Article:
In order to get onto the issue, let’s have a look at the method loadFileLayoutUpdatesXml() of the class Magento\Framework\View\Model\Layout\Merge.
Every time before testing, the necessity to create user accounts, multilevel catalogs, items with specific characteristics and other stuff naturally arises. It sometimes takes a lot of time. In this article, I want to share my timesaving experience of working with repeated actions.
We of course can use same Magento, simply switching between modules every time. There is, however, no guarantee that previous module hasn’t left footprints impacting badly on new module. For proper testing, we want to use “blank” Magento for every module.
Timesavers should consider having Magento pre-installed. The platform should have all the necessary content and configurations to be copied for every new project. Let me illustrate it with an example of how we’ve organized Magento test preparation process here in BelVG.
The first thing to do is to install the version control system. I’ll describe management with Git in this example. Documentation on this VCS can be downloaded here. Next, install modgit tool on the server. You can find it here. It is easy-to-use. Because of the limited number of commands it simplifies testers work with repository. We can now create the pre-installed Magento repository.
If you have never connected server from your computer with a command line, it would be necessary to install the additional tool. It can be downloaded from http://www.openssh.com.
Let’s begin with creating a folder on the test server. In this folder, execute the Git initialization command. Open the command line (Start -> Run -> cmd). In the line, execute the following commands:
- ssh email@example.com (enters the testserver.com server using username with the help of ssh protocol)
- mkdir folder/ (creates a folder named “folder”)
- cd folder/ (opens a folder named “folder”)
- git init (initializes an empty git repository in the current folder)
As a consequence, “Initialized empty Git repository in /… “ will be displayed and a hidden “.git” folder will be created in your folder.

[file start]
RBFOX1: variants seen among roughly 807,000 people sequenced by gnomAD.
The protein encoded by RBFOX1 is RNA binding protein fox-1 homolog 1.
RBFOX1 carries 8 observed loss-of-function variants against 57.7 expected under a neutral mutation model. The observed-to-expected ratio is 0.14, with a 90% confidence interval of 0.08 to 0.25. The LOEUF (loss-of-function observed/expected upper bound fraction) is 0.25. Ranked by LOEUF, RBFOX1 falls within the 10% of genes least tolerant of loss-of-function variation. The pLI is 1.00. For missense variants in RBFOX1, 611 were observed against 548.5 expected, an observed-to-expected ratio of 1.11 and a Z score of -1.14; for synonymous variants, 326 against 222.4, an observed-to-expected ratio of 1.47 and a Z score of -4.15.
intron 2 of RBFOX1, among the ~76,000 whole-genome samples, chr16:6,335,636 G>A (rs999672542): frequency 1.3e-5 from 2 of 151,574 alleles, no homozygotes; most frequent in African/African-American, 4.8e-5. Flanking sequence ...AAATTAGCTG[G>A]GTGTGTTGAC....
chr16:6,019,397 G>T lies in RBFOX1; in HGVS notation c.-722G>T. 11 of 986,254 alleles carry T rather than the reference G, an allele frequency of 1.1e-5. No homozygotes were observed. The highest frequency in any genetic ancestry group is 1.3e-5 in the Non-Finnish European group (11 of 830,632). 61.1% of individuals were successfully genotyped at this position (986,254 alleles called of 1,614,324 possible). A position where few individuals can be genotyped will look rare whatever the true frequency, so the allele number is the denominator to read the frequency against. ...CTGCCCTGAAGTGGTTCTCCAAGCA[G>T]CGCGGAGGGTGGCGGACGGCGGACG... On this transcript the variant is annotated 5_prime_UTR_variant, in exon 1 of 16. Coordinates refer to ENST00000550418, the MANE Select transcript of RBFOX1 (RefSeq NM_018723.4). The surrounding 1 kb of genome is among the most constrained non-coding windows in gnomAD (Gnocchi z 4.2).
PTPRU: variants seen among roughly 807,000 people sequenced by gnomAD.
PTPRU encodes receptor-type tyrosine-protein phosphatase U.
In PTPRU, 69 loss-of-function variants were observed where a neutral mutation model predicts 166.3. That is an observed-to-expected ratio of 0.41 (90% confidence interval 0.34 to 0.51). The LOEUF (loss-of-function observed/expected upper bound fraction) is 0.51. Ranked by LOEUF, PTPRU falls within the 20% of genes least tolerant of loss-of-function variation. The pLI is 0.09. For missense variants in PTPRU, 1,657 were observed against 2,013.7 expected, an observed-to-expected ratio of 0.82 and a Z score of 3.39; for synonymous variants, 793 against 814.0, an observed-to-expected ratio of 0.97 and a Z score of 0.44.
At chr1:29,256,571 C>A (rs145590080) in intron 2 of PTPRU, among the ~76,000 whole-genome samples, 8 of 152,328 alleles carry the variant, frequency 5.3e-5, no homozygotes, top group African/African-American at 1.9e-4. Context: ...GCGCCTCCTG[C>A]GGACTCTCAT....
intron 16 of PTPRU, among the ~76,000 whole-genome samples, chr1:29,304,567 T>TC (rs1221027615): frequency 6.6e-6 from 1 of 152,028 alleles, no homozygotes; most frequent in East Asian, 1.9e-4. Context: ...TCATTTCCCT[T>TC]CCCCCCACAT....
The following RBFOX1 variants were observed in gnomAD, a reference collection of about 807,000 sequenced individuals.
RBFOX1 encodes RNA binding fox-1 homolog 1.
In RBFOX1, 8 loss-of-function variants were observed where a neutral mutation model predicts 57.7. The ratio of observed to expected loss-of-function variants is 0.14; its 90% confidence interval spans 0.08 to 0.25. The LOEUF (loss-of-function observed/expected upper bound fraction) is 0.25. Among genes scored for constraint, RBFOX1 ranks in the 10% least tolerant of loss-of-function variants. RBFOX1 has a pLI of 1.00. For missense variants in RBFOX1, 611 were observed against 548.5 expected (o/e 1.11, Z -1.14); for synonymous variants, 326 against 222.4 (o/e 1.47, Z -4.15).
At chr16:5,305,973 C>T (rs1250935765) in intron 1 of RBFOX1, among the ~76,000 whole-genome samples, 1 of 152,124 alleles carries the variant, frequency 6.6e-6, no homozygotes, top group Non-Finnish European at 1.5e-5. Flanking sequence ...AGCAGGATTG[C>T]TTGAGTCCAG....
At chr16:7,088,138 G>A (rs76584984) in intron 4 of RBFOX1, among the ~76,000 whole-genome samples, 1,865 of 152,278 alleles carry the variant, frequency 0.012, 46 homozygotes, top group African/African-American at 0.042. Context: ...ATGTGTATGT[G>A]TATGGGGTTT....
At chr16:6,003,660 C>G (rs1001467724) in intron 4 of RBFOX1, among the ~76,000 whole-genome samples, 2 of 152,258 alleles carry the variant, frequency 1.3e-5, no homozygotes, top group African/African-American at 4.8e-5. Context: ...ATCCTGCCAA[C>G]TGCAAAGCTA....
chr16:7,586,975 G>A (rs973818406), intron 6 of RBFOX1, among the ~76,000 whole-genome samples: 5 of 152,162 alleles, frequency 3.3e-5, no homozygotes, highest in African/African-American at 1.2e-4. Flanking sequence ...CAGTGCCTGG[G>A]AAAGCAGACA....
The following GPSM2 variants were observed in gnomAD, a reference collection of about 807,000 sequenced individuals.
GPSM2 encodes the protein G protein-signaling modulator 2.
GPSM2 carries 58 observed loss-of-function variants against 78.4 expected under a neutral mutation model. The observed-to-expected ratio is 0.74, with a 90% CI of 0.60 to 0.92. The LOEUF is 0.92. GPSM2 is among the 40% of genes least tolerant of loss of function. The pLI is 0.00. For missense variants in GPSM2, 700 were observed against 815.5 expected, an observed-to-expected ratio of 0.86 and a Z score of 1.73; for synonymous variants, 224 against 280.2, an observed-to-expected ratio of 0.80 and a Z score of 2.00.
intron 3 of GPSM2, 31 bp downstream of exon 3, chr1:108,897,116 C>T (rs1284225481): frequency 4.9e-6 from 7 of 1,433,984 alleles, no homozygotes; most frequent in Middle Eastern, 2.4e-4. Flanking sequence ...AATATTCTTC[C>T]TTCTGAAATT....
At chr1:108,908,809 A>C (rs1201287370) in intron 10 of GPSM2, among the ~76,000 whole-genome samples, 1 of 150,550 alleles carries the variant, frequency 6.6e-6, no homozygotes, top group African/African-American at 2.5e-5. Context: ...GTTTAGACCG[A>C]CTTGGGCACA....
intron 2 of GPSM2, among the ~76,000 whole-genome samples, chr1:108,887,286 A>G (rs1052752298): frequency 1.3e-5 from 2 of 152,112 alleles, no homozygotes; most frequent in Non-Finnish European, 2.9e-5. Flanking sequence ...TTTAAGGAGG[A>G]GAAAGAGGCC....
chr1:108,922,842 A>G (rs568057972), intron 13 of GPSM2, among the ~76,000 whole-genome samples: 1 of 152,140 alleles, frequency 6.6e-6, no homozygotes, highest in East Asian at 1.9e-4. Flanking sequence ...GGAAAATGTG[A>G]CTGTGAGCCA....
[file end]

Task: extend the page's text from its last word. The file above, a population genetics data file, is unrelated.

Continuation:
Now install Magento into our folder, following the standard procedure, and create the databace. It is of first importance that Git repository should be first initialized in the folder and only after that Magento should be installed there. This has to do with the fact that Git repository can be only initialized into an empty folder.
After you fill Magento with necessary content, create a database dump and record all the changes in your repository. The following commands should therefor be executed from our folder on the server:
- mysqldump -u user_name –p password db_name > dump_name.sql (enters MySQL using user_name and passwordand
creates a db_name database dump in the current folder, named dump_name.sql)
- git add . (adds current folder content to the repository)
- git commit –m “first commit” (commits changes in repository and makes them available for download. In the current example, first commit is text of your comment, so it should be quoted)
So now we have the pre-installed Magento. Its copy is stored in the repository. If you need it to test a module, simply clone it and upload the dump to the empty database.
First, use command line to enter the folder you want to clone Magento into and execute the modgit initialization command:
- ssh firstname.lastname@example.org
- cd magento/
- modgit init
- modgit clone magento1 ~/public_html/folder/ (creates the clone under the name of magento1 from the repository in ~/public_html/folder/)
Do not close the command line and do not enter another catalog after the cloning is finished. We still have things to do in the current directory.
Magento files, database dump and .modgit folder will now be located in our magento folder.
modgit init command results in .modgit folder. Database dump is cloned into the current folder every time for further export to the new base convenience only. You, of course, can specify the absolute path to the folder where we took the clone as the export takes place; however, it seems inconvenient for me.
Let’s now create a new base and export our dump there. We may also need to change our new folder access rights. In the command line, enter the following:
- mysql –u user_name –p password new_db_name<dump.sql (enters MySQL using user_name and password and exports dump.sql into the new base, named new_db_name)
- chmod –R 0777 . (sets all permissions for the current folder)
Let’s now enter our new base and change web/unsecure/base_url and web/secure/base_url values to other valid ones in the core_config_data table.
In this example we will change it to http://testserver.com/magento/. This is your new Magento URL.
All we have to do now is to assign the cloned store a proper database. In order to do that, find the configuration file in magento/app/etc/local.xml and change its base to your one.
We now can use our cloned Magento in the browser and install the module on the platform. If your company developers use Git, module can also be installed with modgit. After testing is finished, use modgit update command to bring Magento back to initial state and recreate the database.
In this article, I wanted to describe how VCSs help save time and automatize module installation process. To use VCS you have probably to learn the operating principle of linux, Git and Modgit commands. Follow these links to find some instructions: